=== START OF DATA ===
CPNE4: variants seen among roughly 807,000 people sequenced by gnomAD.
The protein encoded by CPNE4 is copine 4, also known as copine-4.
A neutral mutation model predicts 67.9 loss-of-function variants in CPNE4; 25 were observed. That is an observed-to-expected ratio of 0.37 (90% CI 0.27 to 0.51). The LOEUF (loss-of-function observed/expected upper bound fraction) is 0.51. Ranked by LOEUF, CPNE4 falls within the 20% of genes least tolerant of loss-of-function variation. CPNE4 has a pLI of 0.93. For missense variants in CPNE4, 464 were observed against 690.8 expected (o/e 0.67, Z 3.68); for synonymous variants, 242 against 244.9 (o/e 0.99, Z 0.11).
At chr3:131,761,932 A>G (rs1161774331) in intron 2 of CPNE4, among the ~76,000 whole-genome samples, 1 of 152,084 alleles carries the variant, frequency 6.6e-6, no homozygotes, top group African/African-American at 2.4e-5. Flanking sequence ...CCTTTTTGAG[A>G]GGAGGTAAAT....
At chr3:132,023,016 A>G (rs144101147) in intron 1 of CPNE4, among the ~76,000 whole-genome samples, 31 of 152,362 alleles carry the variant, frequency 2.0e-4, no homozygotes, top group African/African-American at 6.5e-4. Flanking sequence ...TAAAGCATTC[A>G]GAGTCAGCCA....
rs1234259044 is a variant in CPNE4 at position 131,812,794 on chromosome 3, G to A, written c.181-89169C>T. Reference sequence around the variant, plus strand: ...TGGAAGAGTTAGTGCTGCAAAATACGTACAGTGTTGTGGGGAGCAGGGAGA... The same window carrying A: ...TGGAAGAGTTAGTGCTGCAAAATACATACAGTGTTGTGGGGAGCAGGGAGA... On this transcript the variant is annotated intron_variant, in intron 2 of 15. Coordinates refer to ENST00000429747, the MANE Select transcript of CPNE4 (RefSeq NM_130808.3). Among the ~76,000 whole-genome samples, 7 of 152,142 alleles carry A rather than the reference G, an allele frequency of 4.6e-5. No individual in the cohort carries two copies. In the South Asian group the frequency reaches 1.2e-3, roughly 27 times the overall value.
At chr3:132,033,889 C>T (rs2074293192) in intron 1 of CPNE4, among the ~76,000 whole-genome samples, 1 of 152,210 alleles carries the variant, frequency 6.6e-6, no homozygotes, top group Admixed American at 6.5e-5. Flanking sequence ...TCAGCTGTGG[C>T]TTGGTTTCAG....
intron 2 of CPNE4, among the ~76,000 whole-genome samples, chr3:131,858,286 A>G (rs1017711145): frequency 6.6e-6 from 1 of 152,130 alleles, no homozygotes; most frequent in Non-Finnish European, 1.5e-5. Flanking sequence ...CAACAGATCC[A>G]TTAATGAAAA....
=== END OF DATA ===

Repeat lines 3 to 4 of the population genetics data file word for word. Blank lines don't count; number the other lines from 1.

A neutral mutation model predicts 67.9 loss-of-function variants in CPNE4; 25 were observed. That is an observed-to-expected ratio of 0.37 (90% CI 0.27 to 0.51). The LOEUF (loss-of-function observed/expected upper bound fraction) is 0.51. Ranked by LOEUF, CPNE4 falls within the 20% of genes least tolerant of loss-of-function variation. CPNE4 has a pLI of 0.93. For missense variants in CPNE4, 464 were observed against 690.8 expected (o/e 0.67, Z 3.68); for synonymous variants, 242 against 244.9 (o/e 0.99, Z 0.11).
At chr3:131,761,932 A>G (rs1161774331) in intron 2 of CPNE4, among the ~76,000 whole-genome samples, 1 of 152,084 alleles carries the variant, frequency 6.6e-6, no homozygotes, top group African/African-American at 2.4e-5. Flanking sequence ...CCTTTTTGAG[A>G]GGAGGTAAAT....